Phyllis De Sort almost died. Yet until the moment she passed out on the bathroom floor of her spacious Bel-Air home early one hazy June morning, the former nurse had no inkling that shewas so ill. Throughout the previous week, she'd felt lightheaded and nauseous, with severe stomach cramps. Her husband kept nagging her to go to the doctor, but she was too busy running their TV-commercial production company to take any time off. It's probably nothing more serious than the flu, she thought. Until she collapsed.
Her husband found her unconscious and rushed her to the UCLA Medical Center's Emergency Room, where it was swiftly determined that she had a bleeding ulcer. Once her condition was stabilized, she was shipped up to the intensive-care unit, where doctors quickly staunched the bleeding, and a total of three pints of blood were pumped into her tiny 104-pound frame. If she hadn't made it to the hospital on time, De Sort reflects today, "I might have bled to death.'
What's especially chilling was the culprit behind De Sort's almost fatal bout of internal bleeding: ibuprofen, an over-the-counter medication she'd been popping every night to relieve her arthritis. Ibuprofen, the active ingredient in such pain relievers as Advil, Nuprin and Motrin IB, is one of a class of medications known as non-steroidal anti-inflammatory drugs (NSAIDs). NSAIDs like ibuprofen, a powerful analgesic that was available only by prescription until 1984, are tiny miracle workers that can ease inflammation and pain. But they have a downside if they're consumed habitually for prolonged periods: They can wreak havoc on the stomach by eating away at the lining until an ulcer forms, which may then perforate the stomach walls and provoke serious bleeds. Ulcers can be silent, says De Sort, "so I never had the slightest idea that I was bleeding. But I nearly did myself in.'
What happened to Phyllis De Sort is surprisingly common. Doctors have known for years that chronic pain sufferers who take NSAIDs like ibuprofen regularly to ease their symptoms are prone to gastric disorders. "There's an epidemic of adverse drug reactions to NSAIDs,' says Dr. James F. Fries, one of the country's leading arthritis experts and a professor of medicine at Stanford University School of Medicine. "The Food and Drug Administration believes anywhere from 10,000 to 20,000 deaths each year are the result of severe bleeding caused by NSAIDs. It's a big problem.'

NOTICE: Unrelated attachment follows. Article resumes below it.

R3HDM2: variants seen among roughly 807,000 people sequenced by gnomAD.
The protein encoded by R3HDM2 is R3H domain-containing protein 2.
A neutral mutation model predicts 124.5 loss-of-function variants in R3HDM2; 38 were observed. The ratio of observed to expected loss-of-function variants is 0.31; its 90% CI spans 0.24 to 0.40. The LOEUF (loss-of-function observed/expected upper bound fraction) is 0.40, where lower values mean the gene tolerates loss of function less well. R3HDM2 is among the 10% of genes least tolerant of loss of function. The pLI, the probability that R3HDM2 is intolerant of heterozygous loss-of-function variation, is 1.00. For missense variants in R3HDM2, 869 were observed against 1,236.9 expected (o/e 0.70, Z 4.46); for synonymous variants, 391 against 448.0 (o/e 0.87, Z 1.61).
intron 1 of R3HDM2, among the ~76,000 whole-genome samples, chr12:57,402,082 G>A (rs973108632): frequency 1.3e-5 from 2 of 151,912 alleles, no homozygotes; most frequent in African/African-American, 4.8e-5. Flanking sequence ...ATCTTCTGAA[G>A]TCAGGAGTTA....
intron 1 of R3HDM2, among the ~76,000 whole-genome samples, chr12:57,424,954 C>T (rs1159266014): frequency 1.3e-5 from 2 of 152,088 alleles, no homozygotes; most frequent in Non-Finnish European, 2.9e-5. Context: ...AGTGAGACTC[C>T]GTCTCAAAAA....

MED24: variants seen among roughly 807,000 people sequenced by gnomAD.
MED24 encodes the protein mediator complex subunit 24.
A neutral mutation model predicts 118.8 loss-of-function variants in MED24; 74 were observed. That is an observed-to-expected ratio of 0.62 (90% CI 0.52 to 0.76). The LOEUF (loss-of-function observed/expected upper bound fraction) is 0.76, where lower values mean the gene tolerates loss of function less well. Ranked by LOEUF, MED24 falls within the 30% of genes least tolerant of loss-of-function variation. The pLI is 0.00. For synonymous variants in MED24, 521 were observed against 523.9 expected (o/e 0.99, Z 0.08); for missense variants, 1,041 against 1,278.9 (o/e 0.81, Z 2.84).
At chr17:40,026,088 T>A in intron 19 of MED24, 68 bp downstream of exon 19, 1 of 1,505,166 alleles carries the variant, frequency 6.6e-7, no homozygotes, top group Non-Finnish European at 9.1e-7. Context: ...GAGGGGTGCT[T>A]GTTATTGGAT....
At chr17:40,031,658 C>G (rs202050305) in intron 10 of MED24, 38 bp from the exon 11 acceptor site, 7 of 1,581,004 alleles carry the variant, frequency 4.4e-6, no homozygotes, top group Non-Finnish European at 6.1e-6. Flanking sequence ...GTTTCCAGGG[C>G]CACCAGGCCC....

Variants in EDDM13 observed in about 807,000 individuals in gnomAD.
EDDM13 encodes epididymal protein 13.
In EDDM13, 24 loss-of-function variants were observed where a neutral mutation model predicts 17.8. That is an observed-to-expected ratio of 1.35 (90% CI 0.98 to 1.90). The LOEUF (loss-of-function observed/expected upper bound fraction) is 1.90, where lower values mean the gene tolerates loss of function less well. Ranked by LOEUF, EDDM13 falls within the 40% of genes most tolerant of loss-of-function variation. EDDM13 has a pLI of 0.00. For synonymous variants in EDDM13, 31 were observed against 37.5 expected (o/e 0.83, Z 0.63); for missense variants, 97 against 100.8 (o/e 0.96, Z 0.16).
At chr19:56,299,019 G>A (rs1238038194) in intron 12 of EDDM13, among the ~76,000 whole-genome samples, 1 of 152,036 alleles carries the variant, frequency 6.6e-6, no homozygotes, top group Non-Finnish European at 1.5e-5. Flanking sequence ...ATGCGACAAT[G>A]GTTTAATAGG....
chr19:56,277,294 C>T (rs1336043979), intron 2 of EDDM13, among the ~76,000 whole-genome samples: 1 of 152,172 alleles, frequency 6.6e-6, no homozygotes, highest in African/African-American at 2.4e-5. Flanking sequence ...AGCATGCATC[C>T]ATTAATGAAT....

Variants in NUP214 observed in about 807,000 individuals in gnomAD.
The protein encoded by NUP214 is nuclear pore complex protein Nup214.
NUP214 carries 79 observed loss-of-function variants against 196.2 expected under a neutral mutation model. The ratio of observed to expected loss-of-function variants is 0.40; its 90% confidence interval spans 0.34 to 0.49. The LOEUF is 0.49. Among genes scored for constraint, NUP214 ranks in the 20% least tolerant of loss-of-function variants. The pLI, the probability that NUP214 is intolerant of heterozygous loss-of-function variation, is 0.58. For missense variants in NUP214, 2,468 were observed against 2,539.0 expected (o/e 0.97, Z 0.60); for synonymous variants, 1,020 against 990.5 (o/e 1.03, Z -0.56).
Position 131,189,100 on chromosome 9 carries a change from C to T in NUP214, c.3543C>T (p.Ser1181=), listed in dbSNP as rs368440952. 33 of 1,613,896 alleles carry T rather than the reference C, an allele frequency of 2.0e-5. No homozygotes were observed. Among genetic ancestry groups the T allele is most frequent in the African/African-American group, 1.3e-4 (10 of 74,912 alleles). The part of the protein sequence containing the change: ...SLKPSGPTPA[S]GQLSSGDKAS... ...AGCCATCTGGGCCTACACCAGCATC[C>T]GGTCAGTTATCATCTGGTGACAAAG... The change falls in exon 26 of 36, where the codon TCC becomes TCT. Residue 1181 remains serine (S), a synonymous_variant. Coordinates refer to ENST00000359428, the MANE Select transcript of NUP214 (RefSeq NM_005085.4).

What's a bigger problem is that ibuprofen is by no means the only potent medication with potentially fatal side effects that is now available without a prescription. More than 600 over-the-counter medications, including Advil and Motrin, allergy and cold medications such as Sudafed, Allerest and Benadryl, sleep aids, anti-itch skin creams and shampoos that eradicate head lice, use ingredients or dosages that could be dispensed only by prescription 20 years ago.
And while prescription drugs have been switched to OTC status for more than 40 years, nothing has ever approached the magnitude of the recent avalanche. In 1995, six drugs were cleared to leave the sanctuary of the pharmacy counter; as of August 1996, seven had switched. "This last year was quite a year for OTC switches, probably the most we've approved in one year,' says Dr. Debra L. Bowen, director of the FDA's division of OTC products.
In the past three years, three new entrants muscled into the overcrowded pain-reliever market--Aleve, Actron and Orudis KT. Another four--Zantac 75, Tagamet HB, Pepcid AC and Axid AR--joined the already ample OTC heartburn arsenal. New also are creams to treat yeast and fungus infections, others to cure baldness, and several aids to ease smoking withdrawal. And with as many as 20 drugs, such as cholesterol-lowering medications and treatments for genital herpes, awaiting FDA clearance, next year promises to be the biggest switchover year ever.
While the drug firms tout these changes as providing consumers more control over their own health, the deluge has consumer watchdog groups, pharmacists and physicians worried that drugs with potentially dangerous or even life-threatening side effects could be misused by an uneducated public. "The more drugs there are out there for people to use without a prescription, the more you increase the risk of potential problems,' says Philip Hansten, professor of pharmacy at the University of Washington School of Pharmacy and an expert on drug interactions.
The voices of protest are scattered and reactive; studies on individual OTC drugs are often done after a problem, like bleeding ulcers, has emerged in a significant number of people.